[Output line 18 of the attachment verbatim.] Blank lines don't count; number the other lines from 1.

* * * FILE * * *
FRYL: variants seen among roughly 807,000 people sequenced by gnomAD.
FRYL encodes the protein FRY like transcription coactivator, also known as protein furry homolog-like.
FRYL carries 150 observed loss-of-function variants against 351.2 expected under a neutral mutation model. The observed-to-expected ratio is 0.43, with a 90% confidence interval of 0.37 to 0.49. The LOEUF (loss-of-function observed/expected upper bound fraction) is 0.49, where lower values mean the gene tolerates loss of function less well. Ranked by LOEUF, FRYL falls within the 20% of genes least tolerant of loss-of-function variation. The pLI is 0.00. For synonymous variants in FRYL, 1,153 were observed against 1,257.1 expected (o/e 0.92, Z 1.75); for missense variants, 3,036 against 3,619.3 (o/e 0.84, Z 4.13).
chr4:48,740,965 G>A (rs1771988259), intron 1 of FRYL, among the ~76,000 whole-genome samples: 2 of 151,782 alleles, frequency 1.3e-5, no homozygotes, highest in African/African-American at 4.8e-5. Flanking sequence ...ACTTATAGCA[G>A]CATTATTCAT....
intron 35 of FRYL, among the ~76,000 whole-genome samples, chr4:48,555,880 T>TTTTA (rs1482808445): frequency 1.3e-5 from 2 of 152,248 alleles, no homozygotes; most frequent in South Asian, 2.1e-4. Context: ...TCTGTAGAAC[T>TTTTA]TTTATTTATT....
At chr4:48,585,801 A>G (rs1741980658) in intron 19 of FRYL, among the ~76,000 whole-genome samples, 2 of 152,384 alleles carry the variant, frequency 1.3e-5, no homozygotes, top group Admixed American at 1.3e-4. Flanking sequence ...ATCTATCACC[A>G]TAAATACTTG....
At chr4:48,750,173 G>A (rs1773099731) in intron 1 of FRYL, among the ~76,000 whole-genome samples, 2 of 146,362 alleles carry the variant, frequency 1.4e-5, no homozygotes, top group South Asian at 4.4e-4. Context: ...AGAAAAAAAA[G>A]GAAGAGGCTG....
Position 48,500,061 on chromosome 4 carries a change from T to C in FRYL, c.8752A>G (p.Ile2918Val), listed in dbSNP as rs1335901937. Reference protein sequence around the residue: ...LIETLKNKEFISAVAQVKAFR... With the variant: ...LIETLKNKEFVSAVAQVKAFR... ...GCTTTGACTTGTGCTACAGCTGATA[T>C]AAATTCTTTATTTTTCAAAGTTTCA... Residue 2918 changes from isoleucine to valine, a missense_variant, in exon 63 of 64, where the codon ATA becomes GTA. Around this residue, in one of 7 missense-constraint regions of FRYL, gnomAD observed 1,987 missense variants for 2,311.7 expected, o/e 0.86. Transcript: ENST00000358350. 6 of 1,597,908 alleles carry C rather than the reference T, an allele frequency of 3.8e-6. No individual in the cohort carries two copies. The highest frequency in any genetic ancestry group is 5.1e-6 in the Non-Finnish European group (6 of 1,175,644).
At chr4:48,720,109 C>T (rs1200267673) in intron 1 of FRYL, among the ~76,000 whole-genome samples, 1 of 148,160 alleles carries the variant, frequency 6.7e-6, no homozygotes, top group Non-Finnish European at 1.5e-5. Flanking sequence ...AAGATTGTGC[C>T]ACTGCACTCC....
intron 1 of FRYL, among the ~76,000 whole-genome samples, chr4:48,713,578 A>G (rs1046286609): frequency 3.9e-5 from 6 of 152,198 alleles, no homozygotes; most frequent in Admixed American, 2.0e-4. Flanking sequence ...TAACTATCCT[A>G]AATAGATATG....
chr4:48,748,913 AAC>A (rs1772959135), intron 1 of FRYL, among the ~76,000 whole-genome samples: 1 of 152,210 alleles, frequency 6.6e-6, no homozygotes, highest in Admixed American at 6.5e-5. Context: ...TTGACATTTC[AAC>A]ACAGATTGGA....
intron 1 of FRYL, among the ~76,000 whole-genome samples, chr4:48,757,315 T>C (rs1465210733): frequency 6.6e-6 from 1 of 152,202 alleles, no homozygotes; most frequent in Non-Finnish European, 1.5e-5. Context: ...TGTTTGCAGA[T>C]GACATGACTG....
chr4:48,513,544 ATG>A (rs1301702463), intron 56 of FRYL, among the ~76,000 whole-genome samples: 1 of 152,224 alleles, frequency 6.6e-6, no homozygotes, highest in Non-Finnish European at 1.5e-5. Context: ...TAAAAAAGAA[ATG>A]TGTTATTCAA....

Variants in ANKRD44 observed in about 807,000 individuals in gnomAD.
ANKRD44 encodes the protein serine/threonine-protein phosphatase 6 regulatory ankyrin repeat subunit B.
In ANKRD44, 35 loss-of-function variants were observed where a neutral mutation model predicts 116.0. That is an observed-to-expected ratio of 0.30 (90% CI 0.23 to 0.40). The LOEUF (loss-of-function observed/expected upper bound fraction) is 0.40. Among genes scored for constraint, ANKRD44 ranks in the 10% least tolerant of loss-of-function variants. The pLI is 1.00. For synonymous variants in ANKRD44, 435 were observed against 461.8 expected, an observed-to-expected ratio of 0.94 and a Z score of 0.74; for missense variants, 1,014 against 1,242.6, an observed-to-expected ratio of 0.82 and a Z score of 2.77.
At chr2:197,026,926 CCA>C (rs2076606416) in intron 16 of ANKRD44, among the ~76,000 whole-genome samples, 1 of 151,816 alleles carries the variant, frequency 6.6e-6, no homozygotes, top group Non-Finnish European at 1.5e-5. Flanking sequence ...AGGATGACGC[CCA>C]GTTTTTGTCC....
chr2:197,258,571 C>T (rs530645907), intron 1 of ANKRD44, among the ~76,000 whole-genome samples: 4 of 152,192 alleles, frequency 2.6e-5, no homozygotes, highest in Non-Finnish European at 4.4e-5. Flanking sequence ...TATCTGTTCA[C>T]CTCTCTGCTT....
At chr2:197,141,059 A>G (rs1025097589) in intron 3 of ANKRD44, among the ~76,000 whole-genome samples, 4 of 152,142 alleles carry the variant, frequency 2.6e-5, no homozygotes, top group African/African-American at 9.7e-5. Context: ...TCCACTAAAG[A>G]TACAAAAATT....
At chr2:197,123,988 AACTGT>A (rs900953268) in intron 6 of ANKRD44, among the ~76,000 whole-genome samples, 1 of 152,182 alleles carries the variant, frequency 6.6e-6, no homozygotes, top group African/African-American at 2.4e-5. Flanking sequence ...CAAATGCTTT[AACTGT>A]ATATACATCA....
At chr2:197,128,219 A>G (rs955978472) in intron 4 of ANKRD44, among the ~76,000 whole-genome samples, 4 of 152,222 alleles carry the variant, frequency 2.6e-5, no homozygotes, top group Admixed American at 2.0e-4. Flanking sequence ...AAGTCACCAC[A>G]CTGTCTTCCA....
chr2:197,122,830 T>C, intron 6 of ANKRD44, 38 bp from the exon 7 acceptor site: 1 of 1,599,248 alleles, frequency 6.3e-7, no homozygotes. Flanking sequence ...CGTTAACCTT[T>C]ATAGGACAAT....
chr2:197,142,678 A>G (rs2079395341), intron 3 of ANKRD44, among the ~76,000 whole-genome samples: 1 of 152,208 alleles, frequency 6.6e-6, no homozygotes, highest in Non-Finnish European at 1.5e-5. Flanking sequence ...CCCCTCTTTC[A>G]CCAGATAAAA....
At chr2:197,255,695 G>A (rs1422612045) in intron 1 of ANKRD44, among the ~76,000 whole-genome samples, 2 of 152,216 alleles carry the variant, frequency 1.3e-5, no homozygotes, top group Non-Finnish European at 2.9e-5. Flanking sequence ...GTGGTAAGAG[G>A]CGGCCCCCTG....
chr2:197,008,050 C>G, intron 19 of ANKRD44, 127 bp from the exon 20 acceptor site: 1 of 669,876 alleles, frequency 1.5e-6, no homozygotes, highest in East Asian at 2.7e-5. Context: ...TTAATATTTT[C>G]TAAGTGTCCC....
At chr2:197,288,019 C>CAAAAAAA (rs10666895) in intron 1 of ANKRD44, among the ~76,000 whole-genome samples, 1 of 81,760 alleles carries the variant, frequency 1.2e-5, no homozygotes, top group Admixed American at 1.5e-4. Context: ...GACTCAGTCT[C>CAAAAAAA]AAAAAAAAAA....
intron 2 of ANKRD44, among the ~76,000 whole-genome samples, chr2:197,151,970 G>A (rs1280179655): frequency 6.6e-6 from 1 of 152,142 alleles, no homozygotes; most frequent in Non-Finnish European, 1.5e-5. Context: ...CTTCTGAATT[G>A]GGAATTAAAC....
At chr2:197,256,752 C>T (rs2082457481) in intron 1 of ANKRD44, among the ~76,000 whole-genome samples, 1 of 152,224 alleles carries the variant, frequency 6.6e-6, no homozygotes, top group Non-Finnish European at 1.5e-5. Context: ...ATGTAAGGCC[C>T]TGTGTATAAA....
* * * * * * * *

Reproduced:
chr2:197,258,571 C>T (rs530645907), intron 1 of ANKRD44, among the ~76,000 whole-genome samples: 4 of 152,192 alleles, frequency 2.6e-5, no homozygotes, highest in Non-Finnish European at 4.4e-5. Flanking sequence ...TATCTGTTCA[C>T]CTCTCTGCTT....